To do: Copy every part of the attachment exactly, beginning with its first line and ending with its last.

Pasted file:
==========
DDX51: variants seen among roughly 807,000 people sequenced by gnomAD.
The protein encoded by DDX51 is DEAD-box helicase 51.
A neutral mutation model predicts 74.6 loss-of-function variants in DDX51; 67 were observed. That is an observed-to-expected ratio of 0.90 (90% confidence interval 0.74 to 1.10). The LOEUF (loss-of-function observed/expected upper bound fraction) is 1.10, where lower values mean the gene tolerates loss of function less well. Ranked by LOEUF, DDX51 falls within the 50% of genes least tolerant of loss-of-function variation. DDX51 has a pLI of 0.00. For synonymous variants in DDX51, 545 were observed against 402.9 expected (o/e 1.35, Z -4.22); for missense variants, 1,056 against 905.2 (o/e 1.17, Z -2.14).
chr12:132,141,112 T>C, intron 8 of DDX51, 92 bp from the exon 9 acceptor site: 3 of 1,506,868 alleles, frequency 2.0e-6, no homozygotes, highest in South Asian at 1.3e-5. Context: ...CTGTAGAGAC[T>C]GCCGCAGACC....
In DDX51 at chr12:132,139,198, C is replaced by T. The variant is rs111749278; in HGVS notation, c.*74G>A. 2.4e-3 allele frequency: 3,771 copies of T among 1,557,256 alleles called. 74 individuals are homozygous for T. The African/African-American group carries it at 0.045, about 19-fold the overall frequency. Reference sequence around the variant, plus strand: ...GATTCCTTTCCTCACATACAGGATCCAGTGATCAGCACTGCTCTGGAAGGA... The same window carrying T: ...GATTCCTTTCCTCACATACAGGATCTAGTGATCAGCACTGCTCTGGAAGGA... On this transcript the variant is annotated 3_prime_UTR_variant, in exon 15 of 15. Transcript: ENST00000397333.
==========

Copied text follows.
DDX51: variants seen among roughly 807,000 people sequenced by gnomAD.
The protein encoded by DDX51 is DEAD-box helicase 51.
A neutral mutation model predicts 74.6 loss-of-function variants in DDX51; 67 were observed. That is an observed-to-expected ratio of 0.90 (90% confidence interval 0.74 to 1.10). The LOEUF (loss-of-function observed/expected upper bound fraction) is 1.10, where lower values mean the gene tolerates loss of function less well. Ranked by LOEUF, DDX51 falls within the 50% of genes least tolerant of loss-of-function variation. DDX51 has a pLI of 0.00. For synonymous variants in DDX51, 545 were observed against 402.9 expected (o/e 1.35, Z -4.22); for missense variants, 1,056 against 905.2 (o/e 1.17, Z -2.14).
chr12:132,141,112 T>C, intron 8 of DDX51, 92 bp from the exon 9 acceptor site: 3 of 1,506,868 alleles, frequency 2.0e-6, no homozygotes, highest in South Asian at 1.3e-5. Context: ...CTGTAGAGAC[T>C]GCCGCAGACC....
In DDX51 at chr12:132,139,198, C is replaced by T. The variant is rs111749278; in HGVS notation, c.*74G>A. 2.4e-3 allele frequency: 3,771 copies of T among 1,557,256 alleles called. 74 individuals are homozygous for T. The African/African-American group carries it at 0.045, about 19-fold the overall frequency. Reference sequence around the variant, plus strand: ...GATTCCTTTCCTCACATACAGGATCCAGTGATCAGCACTGCTCTGGAAGGA... The same window carrying T: ...GATTCCTTTCCTCACATACAGGATCTAGTGATCAGCACTGCTCTGGAAGGA... On this transcript the variant is annotated 3_prime_UTR_variant, in exon 15 of 15. Transcript: ENST00000397333.